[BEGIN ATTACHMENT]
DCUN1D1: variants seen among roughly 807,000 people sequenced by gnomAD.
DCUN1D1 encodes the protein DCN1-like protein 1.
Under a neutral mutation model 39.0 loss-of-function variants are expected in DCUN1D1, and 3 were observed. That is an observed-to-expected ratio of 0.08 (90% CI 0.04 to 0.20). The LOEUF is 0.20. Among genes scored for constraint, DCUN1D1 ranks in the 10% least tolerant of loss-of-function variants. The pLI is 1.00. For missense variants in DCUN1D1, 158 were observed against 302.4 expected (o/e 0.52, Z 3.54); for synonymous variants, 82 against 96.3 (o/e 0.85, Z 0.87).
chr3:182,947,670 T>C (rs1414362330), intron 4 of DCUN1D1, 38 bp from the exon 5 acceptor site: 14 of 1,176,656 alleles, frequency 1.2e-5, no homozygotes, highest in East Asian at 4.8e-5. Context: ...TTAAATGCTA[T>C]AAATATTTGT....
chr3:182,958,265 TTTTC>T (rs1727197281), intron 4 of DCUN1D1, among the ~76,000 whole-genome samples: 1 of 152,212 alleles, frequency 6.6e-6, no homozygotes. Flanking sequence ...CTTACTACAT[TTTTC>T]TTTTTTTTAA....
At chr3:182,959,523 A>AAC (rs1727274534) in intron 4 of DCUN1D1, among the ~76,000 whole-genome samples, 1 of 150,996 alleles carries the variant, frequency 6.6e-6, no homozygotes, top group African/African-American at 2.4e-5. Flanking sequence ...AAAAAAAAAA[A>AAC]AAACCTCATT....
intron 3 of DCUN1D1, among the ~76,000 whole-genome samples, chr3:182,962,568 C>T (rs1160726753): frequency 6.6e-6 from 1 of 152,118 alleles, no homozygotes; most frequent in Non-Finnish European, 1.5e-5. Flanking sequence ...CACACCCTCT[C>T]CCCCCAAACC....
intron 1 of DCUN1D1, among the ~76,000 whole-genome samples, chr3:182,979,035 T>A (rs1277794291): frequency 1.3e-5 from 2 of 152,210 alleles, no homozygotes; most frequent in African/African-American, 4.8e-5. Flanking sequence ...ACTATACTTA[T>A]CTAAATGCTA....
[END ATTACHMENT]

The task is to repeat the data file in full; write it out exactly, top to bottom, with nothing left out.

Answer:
DCUN1D1: variants seen among roughly 807,000 people sequenced by gnomAD.
DCUN1D1 encodes the protein DCN1-like protein 1.
Under a neutral mutation model 39.0 loss-of-function variants are expected in DCUN1D1, and 3 were observed. That is an observed-to-expected ratio of 0.08 (90% CI 0.04 to 0.20). The LOEUF is 0.20. Among genes scored for constraint, DCUN1D1 ranks in the 10% least tolerant of loss-of-function variants. The pLI is 1.00. For missense variants in DCUN1D1, 158 were observed against 302.4 expected (o/e 0.52, Z 3.54); for synonymous variants, 82 against 96.3 (o/e 0.85, Z 0.87).
chr3:182,947,670 T>C (rs1414362330), intron 4 of DCUN1D1, 38 bp from the exon 5 acceptor site: 14 of 1,176,656 alleles, frequency 1.2e-5, no homozygotes, highest in East Asian at 4.8e-5. Context: ...TTAAATGCTA[T>C]AAATATTTGT....
chr3:182,958,265 TTTTC>T (rs1727197281), intron 4 of DCUN1D1, among the ~76,000 whole-genome samples: 1 of 152,212 alleles, frequency 6.6e-6, no homozygotes. Flanking sequence ...CTTACTACAT[TTTTC>T]TTTTTTTTAA....
At chr3:182,959,523 A>AAC (rs1727274534) in intron 4 of DCUN1D1, among the ~76,000 whole-genome samples, 1 of 150,996 alleles carries the variant, frequency 6.6e-6, no homozygotes, top group African/African-American at 2.4e-5. Flanking sequence ...AAAAAAAAAA[A>AAC]AAACCTCATT....
intron 3 of DCUN1D1, among the ~76,000 whole-genome samples, chr3:182,962,568 C>T (rs1160726753): frequency 6.6e-6 from 1 of 152,118 alleles, no homozygotes; most frequent in Non-Finnish European, 1.5e-5. Flanking sequence ...CACACCCTCT[C>T]CCCCCAAACC....
intron 1 of DCUN1D1, among the ~76,000 whole-genome samples, chr3:182,979,035 T>A (rs1277794291): frequency 1.3e-5 from 2 of 152,210 alleles, no homozygotes; most frequent in African/African-American, 4.8e-5. Flanking sequence ...ACTATACTTA[T>A]CTAAATGCTA....